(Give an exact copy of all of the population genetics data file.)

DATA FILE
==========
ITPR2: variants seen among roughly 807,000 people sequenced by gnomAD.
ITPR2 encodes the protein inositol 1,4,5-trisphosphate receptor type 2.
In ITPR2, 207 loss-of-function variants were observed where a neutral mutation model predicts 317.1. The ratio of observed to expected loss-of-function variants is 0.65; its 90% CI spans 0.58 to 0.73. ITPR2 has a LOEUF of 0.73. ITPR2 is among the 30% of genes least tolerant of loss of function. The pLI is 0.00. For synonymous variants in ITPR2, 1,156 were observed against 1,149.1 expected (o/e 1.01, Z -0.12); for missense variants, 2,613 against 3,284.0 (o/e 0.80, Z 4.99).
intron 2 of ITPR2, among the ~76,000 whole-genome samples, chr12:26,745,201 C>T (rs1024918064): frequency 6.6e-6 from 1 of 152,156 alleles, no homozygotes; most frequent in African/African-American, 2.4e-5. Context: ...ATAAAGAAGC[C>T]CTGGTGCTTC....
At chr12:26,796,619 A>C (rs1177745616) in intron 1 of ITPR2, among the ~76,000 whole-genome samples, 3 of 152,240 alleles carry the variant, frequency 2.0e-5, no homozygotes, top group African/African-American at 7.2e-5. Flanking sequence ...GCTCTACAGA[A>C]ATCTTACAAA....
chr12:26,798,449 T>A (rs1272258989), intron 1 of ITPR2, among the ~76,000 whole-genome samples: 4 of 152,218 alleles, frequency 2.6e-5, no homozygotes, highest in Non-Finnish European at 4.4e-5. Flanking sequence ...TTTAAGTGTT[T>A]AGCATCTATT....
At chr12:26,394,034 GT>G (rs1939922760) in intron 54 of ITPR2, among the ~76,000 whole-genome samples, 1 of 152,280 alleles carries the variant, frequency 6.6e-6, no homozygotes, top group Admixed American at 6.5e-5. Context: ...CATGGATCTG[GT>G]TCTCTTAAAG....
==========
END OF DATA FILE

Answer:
ITPR2: variants seen among roughly 807,000 people sequenced by gnomAD.
ITPR2 encodes the protein inositol 1,4,5-trisphosphate receptor type 2.
In ITPR2, 207 loss-of-function variants were observed where a neutral mutation model predicts 317.1. The ratio of observed to expected loss-of-function variants is 0.65; its 90% CI spans 0.58 to 0.73. ITPR2 has a LOEUF of 0.73. ITPR2 is among the 30% of genes least tolerant of loss of function. The pLI is 0.00. For synonymous variants in ITPR2, 1,156 were observed against 1,149.1 expected (o/e 1.01, Z -0.12); for missense variants, 2,613 against 3,284.0 (o/e 0.80, Z 4.99).
intron 2 of ITPR2, among the ~76,000 whole-genome samples, chr12:26,745,201 C>T (rs1024918064): frequency 6.6e-6 from 1 of 152,156 alleles, no homozygotes; most frequent in African/African-American, 2.4e-5. Context: ...ATAAAGAAGC[C>T]CTGGTGCTTC....
At chr12:26,796,619 A>C (rs1177745616) in intron 1 of ITPR2, among the ~76,000 whole-genome samples, 3 of 152,240 alleles carry the variant, frequency 2.0e-5, no homozygotes, top group African/African-American at 7.2e-5. Flanking sequence ...GCTCTACAGA[A>C]ATCTTACAAA....
chr12:26,798,449 T>A (rs1272258989), intron 1 of ITPR2, among the ~76,000 whole-genome samples: 4 of 152,218 alleles, frequency 2.6e-5, no homozygotes, highest in Non-Finnish European at 4.4e-5. Flanking sequence ...TTTAAGTGTT[T>A]AGCATCTATT....
At chr12:26,394,034 GT>G (rs1939922760) in intron 54 of ITPR2, among the ~76,000 whole-genome samples, 1 of 152,280 alleles carries the variant, frequency 6.6e-6, no homozygotes, top group Admixed American at 6.5e-5. Context: ...CATGGATCTG[GT>G]TCTCTTAAAG....